COLUMBIA — At 460 square feet, this tiny brick building on Columbia’s main drag boasts a backstory that flies in the face of South Carolina’s racially charged past.
It’s a history that almost never was. And now it’s at risk again.
The current owner of the building on the 2500 block of Gervais Street, Heather Cairns of Cairns Law Firm, pays tribute to the property’s origins and how it bucked the racial inequality of the time with a framed newspaper page in her law office. The newsprint displays an ad that the property was for sale, but just to Whites, a segregationist restriction allowed at the time.
That sale would fail, though, and a judge would later order the property sold.
This time, the property came into the hands of the Woodsons — a Black family — staking their claim on the precipice between the historically Black Waverly neighborhood and nearby Forest Hills, settled predominantly by Whites.
Cairns, a Cleveland native who has called Columbia home for more than 20 years, says she wants to preserve that part of the city’s history, and with it, the legacy of the Woodson family.
For Cairns, it started with the Woodson home directly to the east. The house likely would have been torn down had Cairns not renovated it as an office, she said. Now, the real estate lawyer hopes to do the same for another small building on the property, once a neighborhood store run by the Woodson patriarch.
The roof of the former store is in bad shape and might fall in unless Cairns replaces it. She said she needs historic tax credits to make it financially feasible and is seeking the necessary zoning changes.
If renovated, Cairns plans to put it back to use, renting it out as a small office.
“It’s this cool little space,” she said, complete with 9-foot ceilings and brick walls.
The diminutive building is now one of the shrinking number of business-related properties that were established within the residential fabric of Gervais Street, according to John Sherrer of the preservationist group Historic Columbia.
“This is one of my favorite ‘little’ properties in Columbia,” he said. “I remember seeing this building standing there for at least the past 45 years, as its size and differing appearance from that of the house always caught my imagination, even as a kid.”
Inside the former grocery, the shop counters are still in place. Most of the shelving is not, having been damaged by termites. There are lots of sewing needles and thread, wares the proprietor once sold.
Cairns isn’t sure how long the Woodsons operated the shop, but the front step is well worn.
“So there was clearly lots of foot traffic in and out of building,” she said.
Cairn’s interest in the property follows a long-held tradition in the Capital City. It’s a common sight around Columbia, law firms housed in the city’s historic homes.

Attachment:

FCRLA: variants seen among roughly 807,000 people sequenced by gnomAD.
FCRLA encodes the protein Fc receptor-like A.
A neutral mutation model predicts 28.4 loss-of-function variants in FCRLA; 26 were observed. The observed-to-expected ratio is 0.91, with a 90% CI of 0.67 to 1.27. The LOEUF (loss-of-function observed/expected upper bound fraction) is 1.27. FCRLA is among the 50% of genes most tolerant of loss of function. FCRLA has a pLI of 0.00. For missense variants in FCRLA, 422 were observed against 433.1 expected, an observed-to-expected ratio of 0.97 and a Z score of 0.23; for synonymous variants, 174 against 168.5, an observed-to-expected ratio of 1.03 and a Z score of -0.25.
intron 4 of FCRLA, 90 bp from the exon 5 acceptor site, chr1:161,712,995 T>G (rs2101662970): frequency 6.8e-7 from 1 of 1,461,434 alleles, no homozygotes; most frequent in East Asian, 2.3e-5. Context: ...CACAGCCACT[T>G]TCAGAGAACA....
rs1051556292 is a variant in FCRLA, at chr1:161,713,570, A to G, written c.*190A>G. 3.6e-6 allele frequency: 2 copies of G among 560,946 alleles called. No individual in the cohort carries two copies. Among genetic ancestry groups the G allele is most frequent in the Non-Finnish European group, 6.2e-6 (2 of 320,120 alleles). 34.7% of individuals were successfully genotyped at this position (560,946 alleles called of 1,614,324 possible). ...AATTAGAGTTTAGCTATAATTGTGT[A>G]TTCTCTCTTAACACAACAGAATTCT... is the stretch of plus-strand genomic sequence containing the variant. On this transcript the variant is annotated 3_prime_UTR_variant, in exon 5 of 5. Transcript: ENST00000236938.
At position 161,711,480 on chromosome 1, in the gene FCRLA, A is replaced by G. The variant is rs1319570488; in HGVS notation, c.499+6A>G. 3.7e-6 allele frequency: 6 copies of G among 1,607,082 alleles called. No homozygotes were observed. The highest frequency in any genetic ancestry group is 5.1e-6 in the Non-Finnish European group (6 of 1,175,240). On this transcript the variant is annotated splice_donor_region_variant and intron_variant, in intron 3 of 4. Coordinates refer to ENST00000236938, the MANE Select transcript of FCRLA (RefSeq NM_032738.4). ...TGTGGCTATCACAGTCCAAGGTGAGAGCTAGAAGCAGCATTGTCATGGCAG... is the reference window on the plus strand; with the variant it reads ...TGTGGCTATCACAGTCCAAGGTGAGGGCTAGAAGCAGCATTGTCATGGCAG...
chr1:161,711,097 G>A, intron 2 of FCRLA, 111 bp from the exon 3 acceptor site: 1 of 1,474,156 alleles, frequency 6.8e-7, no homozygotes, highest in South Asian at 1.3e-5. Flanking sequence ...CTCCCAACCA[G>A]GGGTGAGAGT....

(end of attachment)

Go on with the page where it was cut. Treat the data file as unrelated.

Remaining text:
And when she first started practicing law, Cairns worked for a firm that rented space in an old house. So she wanted to uphold that tradition when she hung her own shingle.
Before going into law, Cairns studied landscape and architecture. Digging into the state archives, from birth and death certificates to property and Census filings, also piqued her interest, given her professional focus on estate planning. It was pulling back a curtain on how the things she practices today were done a century before.
Cairns would learn George Woodson was born in 1865 at the end of the Civil War. His father, Elijah Woodson, started buying land as soon as the war ended to give to his sons. He signed his will to George with an X, a common practice during a time when slavery and educational inequality left many African Americans illiterate.
When Elijah Woodson died in the 1910s, a probate was opened.
“Then, the whole thing fell apart,” Cairns said.
Cairns said she looked with disbelief at a letter from the judge to George, chiding him for his failure to properly administer his father’s estate.
But that is because the federal government paid the heirs directly for land taken for Camp Jackson, now Fort Jackson, amid World War I, the judicial correspondence showed. That was likely the source of funds George Woodson used to buy the property on Gervais Street.
Prior to that, spotty Census records show George Woodson working for the Southern Railroad. His daughters made names for themselves as teachers, one of whom held positions of some prominence at Booker T. Washington High School, Columbia’s primary Black high school when the system was segregated.
A house on nearby Manning Avenue was still in the family, owned by a daughter-in-law who Cairns said died just this year.
Cairns said the small brick building has garnered sizable interest from local historic preservationists, like Robert Lewis, who has saved such buildings as the Curtiss Wright Hangar that is now home to the Hunter Gatherer Brewery and Alehouse.
“Nobody wants to see it gone,” she said.
But many historic building tax credits require a minimum investment of $1 million, Cairns said, which the building’s small size renders implausible.
That’s why Cairns is looking to the city. She plans to seek a property tax abatement under the “Bailey Bill,” which applies to renovations of historic buildings.
City officials expect it to go for a hearing before the Design/Development Review Commission in December.